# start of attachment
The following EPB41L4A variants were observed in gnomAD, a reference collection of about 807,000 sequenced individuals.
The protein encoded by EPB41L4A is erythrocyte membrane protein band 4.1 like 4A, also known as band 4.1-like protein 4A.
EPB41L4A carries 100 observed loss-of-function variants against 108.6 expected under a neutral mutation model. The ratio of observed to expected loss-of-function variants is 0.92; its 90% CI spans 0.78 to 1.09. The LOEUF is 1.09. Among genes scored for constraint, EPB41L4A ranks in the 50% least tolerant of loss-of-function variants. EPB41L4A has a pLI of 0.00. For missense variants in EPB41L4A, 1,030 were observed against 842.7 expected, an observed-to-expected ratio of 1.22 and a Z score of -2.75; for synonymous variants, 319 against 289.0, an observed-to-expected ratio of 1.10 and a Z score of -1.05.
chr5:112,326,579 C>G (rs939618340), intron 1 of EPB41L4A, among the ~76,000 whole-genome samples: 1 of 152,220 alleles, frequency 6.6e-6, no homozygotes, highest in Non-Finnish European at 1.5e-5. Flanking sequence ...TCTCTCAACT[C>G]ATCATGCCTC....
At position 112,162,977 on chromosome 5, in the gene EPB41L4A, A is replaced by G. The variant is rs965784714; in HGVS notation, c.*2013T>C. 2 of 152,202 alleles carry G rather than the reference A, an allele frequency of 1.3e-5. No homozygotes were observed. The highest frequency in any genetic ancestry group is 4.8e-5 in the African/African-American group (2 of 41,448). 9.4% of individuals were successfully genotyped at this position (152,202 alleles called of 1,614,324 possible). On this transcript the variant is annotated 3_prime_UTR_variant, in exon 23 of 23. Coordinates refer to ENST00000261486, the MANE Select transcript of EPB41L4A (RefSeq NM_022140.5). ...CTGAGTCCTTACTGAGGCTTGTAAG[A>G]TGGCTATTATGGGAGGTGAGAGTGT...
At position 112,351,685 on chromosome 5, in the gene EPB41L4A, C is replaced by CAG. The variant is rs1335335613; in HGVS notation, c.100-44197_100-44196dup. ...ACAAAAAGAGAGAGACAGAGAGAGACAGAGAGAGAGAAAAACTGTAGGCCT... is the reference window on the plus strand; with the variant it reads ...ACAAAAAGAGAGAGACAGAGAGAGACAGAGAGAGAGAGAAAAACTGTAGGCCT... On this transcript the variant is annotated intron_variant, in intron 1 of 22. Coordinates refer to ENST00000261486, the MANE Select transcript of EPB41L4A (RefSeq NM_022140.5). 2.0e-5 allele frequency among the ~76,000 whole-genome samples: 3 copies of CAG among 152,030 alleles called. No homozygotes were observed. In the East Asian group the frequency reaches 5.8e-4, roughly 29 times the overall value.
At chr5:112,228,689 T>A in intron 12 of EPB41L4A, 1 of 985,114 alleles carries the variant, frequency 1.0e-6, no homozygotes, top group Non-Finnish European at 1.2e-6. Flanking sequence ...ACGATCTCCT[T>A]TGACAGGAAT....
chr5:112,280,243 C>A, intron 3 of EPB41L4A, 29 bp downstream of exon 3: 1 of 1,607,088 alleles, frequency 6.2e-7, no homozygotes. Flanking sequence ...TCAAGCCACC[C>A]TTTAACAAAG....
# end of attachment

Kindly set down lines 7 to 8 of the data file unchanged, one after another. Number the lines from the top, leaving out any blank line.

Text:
At chr5:112,228,689 T>A in intron 12 of EPB41L4A, 1 of 985,114 alleles carries the variant, frequency 1.0e-6, no homozygotes, top group Non-Finnish European at 1.2e-6. Flanking sequence ...ACGATCTCCT[T>A]TGACAGGAAT....
chr5:112,280,243 C>A, intron 3 of EPB41L4A, 29 bp downstream of exon 3: 1 of 1,607,088 alleles, frequency 6.2e-7, no homozygotes. Flanking sequence ...TCAAGCCACC[C>A]TTTAACAAAG....